Published: 10 November 2022
writing for unknown publication
The Bonus Army March is a forgotten footnote of American history. It involved as many as 30,000 mostly unemployed veterans who converged on Washington, D.C. in the spring and summer of 1932 to demand an early cash payment of a bonus they were promised for their volunteer service in World War I.
The bonus was due in 1945, but the Great Depression created financial panic across the country, and the WWI veterans wanted their money sooner rather than later.
When the U.S. Senate refused to pass a bill to make the payments, many of the veterans returned home. But the great majority remained and set up camps and occupied buildings near the Capitol – much to the dismay of local police, who tried to evict the demonstrators from their makeshift campgrounds.
A riot ensued, leaving two demonstrators dead and dozens injured.
At that point, on July 28, 1932, the police asked for federal help. In a written statement, President Herbert Hoover deployed his Army Chief of Staff, Gen. Douglas MacArthur, to settle the matter.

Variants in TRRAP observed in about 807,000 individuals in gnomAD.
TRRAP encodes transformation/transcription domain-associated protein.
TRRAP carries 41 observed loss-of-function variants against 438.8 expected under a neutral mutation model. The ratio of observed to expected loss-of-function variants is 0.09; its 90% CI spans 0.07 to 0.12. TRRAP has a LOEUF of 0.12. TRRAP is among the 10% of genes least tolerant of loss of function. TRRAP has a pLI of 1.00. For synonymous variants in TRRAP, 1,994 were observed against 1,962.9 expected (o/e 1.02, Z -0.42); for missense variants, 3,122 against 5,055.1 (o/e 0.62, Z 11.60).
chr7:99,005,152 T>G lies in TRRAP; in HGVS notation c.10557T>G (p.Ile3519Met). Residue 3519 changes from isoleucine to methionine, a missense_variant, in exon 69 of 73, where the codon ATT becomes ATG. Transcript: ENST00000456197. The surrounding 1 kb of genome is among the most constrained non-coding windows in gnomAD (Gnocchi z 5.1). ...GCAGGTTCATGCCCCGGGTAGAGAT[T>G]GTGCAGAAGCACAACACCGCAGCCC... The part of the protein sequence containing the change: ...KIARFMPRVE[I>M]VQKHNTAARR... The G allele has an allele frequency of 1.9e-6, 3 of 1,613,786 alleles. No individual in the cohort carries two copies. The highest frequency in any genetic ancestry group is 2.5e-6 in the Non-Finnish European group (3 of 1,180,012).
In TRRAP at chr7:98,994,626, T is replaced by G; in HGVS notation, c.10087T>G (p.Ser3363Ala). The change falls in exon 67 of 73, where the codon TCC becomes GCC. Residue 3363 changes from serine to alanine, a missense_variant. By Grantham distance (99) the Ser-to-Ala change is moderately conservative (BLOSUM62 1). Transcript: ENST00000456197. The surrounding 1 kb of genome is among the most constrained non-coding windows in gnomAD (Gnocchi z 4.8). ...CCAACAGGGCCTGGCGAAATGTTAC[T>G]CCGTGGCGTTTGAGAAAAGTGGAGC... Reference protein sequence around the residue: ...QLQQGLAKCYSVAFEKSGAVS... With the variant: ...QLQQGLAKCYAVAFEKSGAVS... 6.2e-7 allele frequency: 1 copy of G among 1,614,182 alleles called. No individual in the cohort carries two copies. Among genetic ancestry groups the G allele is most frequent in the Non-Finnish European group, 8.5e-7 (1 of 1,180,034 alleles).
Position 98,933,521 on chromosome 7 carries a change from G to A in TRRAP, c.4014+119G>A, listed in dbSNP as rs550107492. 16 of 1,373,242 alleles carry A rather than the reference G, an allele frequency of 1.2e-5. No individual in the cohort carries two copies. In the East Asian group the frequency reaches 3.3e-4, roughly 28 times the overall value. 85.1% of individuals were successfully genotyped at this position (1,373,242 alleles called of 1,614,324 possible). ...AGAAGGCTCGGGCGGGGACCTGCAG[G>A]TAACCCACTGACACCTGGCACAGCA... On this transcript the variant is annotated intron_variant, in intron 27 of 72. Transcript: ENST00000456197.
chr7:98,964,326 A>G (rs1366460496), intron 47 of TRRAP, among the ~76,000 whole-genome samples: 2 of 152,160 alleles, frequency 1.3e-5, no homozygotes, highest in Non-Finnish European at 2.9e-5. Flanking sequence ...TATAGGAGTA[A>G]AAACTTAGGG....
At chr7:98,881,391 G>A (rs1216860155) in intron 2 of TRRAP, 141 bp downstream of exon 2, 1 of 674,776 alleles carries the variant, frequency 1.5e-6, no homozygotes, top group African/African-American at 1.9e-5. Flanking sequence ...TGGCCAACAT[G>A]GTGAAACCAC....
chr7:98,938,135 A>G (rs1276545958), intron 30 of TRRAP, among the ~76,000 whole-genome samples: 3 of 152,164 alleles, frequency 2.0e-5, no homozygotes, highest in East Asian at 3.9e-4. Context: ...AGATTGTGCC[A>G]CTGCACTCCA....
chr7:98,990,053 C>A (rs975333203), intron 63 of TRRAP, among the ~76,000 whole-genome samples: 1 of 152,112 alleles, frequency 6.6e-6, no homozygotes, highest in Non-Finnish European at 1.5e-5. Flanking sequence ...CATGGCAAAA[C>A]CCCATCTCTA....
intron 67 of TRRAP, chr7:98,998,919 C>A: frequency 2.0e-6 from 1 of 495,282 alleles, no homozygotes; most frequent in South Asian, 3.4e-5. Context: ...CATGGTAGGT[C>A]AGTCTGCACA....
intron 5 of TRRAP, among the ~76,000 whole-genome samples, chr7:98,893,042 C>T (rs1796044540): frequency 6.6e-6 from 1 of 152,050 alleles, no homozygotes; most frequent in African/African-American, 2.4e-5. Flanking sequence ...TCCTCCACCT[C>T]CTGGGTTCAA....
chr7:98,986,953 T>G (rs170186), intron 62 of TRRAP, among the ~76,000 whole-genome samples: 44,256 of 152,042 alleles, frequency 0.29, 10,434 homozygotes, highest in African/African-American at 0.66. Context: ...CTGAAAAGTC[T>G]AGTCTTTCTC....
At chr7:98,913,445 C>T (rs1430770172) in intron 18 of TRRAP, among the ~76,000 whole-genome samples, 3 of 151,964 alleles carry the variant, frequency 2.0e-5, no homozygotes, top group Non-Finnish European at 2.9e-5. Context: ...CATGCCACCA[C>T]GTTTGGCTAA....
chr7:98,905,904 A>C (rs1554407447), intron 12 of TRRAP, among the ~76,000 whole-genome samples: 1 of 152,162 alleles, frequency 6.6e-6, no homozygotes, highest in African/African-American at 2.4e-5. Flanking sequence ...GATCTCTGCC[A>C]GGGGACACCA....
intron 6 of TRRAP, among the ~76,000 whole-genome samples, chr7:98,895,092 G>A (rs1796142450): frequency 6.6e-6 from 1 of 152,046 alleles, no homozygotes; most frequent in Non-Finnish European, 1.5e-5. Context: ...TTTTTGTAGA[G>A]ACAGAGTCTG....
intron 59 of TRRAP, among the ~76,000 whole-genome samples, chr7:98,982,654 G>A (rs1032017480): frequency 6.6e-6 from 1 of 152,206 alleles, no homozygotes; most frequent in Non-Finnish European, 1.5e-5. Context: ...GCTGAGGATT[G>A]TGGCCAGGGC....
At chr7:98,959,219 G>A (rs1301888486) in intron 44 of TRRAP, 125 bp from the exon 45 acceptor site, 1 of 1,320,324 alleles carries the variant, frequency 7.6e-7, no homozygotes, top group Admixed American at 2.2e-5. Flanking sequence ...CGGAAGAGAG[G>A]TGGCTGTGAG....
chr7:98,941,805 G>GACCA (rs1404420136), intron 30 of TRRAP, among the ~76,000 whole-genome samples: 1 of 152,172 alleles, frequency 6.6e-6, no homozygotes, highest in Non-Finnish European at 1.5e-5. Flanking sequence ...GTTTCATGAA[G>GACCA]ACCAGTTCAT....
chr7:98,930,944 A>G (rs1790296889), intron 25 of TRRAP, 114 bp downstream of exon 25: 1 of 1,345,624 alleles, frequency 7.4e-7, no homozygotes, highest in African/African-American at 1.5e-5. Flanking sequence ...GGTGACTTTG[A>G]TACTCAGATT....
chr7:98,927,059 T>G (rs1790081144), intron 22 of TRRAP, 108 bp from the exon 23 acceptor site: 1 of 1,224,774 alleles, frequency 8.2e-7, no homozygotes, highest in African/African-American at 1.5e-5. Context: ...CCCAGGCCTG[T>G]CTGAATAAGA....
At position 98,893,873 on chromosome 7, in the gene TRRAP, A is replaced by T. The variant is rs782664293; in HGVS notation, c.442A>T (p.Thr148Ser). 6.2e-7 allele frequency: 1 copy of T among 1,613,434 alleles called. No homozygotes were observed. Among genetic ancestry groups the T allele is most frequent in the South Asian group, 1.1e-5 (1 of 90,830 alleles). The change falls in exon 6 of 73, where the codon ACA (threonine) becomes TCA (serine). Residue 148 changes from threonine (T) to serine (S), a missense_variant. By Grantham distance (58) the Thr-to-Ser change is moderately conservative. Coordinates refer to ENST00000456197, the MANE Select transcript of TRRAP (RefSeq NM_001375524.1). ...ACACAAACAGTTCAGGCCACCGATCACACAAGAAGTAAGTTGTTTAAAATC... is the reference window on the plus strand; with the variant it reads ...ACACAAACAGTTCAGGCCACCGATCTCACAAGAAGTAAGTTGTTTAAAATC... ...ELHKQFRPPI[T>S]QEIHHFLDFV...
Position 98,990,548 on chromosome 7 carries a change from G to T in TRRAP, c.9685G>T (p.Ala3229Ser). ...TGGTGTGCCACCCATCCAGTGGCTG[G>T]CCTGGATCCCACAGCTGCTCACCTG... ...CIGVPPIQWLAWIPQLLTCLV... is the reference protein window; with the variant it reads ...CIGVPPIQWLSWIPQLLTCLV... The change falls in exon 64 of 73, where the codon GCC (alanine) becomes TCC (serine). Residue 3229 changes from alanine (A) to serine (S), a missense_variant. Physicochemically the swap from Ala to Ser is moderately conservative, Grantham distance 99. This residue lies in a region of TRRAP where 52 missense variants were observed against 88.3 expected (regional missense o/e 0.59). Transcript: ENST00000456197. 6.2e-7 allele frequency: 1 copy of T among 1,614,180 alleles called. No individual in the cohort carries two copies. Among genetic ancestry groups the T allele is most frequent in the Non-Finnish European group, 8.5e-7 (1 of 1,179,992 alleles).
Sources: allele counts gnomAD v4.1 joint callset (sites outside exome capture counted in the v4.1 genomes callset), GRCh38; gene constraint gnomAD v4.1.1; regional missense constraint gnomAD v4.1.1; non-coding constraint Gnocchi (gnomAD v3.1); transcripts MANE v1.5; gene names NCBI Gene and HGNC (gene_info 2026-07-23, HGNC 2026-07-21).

“In order to put an end to this rioting and defiance of civil authority,” Hoover wrote, “I have asked the Army to assist the District authorities to restore order.”
MacArthur’s orders were to secure the buildings and contain the protesters by surrounding their campsite in Anacostia Flats located near the Capitol.
But as MacArthur would do throughout his career – most notably in Korea when his disobedience resulted in his firing – he exceeded his orders.
Late that afternoon, historians have written, nearly 500 mounted cavalry men and 500 infantry soldiers, with bayonets drawn, were accompanied were accompanied by six tanks and another 800 local police officers to Anacostia Flats. It didn’t take long before the protesters were chased out of the city and their encampments burned to the ground.
Read the entire article on The Conversation web site.
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